To be a sound designer, which [David] is not only credited on for Twin Peaks and has been for a vast majority of his work, has taken on a lot of different meanings over the year. But for him, and for me by default, that means the person who is the executor and controls every single sonic element of the show. One of the gifts and benefits of working on this show is that I can make things in his world and craft things for service of his vision and his show. In some respects it's not even fair for the record to only have my name on it.


In that case, what conversations were these pieces borne from?
There's a lot of different scenarios. Sometimes he'll be working on a picture edit in his office and he'll intercom to me.

Like an actual intercom, a button on a desk or something?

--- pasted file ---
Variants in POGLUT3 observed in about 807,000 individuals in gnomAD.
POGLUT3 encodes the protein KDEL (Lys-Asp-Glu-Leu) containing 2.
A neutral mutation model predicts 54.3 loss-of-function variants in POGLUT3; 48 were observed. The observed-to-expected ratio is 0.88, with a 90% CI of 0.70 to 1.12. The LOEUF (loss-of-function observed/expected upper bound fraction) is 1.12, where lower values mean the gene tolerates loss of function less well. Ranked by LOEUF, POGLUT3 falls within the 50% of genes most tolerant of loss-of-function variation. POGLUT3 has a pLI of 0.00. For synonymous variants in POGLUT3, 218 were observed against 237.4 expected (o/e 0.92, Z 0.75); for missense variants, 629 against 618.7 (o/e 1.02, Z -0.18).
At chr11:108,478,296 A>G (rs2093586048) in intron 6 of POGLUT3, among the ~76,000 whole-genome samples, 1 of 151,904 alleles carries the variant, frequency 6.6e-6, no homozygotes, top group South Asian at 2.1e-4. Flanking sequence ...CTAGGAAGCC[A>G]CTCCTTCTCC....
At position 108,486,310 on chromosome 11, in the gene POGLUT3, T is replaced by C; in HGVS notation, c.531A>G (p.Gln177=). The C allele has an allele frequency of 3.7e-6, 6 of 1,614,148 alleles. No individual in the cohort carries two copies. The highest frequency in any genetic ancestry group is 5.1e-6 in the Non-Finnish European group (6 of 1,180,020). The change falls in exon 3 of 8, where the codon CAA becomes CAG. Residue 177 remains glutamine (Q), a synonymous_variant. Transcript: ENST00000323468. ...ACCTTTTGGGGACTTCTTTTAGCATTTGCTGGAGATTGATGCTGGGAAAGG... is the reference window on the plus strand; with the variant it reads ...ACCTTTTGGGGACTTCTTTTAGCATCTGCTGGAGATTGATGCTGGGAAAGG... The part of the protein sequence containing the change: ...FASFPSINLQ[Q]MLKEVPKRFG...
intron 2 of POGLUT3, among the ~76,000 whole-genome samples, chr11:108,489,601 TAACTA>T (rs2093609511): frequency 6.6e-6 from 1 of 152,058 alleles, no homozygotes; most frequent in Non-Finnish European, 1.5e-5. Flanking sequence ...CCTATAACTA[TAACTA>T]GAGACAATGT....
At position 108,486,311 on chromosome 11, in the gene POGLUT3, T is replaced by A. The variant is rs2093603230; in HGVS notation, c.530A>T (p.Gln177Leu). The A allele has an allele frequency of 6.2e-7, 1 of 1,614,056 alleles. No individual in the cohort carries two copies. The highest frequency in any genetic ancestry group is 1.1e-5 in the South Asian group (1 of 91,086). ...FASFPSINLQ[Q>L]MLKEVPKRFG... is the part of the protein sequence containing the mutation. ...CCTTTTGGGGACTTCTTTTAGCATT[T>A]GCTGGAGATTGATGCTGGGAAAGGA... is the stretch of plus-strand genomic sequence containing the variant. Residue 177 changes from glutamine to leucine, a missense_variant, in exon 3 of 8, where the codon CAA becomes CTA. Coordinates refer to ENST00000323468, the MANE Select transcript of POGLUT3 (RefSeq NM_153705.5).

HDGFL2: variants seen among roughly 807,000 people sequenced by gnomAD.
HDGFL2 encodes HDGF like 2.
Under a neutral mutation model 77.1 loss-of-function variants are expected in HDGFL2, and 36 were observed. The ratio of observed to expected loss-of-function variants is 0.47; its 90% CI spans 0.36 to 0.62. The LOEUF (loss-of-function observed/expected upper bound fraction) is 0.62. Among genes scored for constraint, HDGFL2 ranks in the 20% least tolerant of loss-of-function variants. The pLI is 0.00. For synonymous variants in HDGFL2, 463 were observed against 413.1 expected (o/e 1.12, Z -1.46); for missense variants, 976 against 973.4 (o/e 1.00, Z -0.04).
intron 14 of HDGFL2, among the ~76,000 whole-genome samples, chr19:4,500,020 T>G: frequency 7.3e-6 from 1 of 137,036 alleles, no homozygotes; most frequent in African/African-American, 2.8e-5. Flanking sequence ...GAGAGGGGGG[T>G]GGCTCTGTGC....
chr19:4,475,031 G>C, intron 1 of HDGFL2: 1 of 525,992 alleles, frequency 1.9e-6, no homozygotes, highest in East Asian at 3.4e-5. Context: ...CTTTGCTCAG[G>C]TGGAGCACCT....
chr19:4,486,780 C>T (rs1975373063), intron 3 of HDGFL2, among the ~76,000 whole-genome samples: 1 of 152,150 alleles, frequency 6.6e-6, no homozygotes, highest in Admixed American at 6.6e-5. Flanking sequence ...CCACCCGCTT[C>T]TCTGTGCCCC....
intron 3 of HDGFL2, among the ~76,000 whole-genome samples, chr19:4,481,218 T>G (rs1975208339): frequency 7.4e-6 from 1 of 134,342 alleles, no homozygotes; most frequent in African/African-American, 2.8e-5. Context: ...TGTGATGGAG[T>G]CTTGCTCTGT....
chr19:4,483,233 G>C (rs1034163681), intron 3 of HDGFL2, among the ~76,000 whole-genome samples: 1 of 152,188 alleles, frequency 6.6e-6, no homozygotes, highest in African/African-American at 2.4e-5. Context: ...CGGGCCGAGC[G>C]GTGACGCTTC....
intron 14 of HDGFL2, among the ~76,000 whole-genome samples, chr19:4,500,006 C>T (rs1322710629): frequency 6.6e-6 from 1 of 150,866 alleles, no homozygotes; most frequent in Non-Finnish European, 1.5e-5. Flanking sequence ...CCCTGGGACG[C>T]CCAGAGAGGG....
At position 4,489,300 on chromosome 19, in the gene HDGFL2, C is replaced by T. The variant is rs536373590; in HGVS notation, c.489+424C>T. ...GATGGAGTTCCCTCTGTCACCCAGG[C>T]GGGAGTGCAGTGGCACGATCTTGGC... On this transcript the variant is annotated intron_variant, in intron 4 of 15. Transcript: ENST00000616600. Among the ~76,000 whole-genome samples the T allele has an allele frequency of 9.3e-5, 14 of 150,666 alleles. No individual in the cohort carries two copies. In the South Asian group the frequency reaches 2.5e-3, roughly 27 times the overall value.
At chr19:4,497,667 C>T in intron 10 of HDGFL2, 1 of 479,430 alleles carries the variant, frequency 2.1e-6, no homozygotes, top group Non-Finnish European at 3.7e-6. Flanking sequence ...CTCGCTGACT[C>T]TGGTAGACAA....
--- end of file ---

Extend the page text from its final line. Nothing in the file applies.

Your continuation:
Yeah, he's in an office downstairs when he's cutting things and I'm upstairs at the dub stage, so there's a lot of intercomming that goes back and forth. It feels like a vintage office at some points. He'll say "Do we have any scary choir cluster music?" And I'll be like "Let me take a look"—knowing that we don't have anything, but trying to manufacture something quickly. I think one of the things that he likes about me is the speed element.

What are some of the specific prompts he gave you for Twin Peaks ?
Early on [there was] the electricity sound. It has become a defining signature of the show, but it's written into the script. When you read something like that, it's like, well shit, we're going to need something like that. When you go through a sound effects library you [hear] things you've heard before. Or things that aren't as illustrious or characteristic as you'd want. I get motivated on a desire for something better or different. I made an electricity library, and he folded it in and worked it into the show.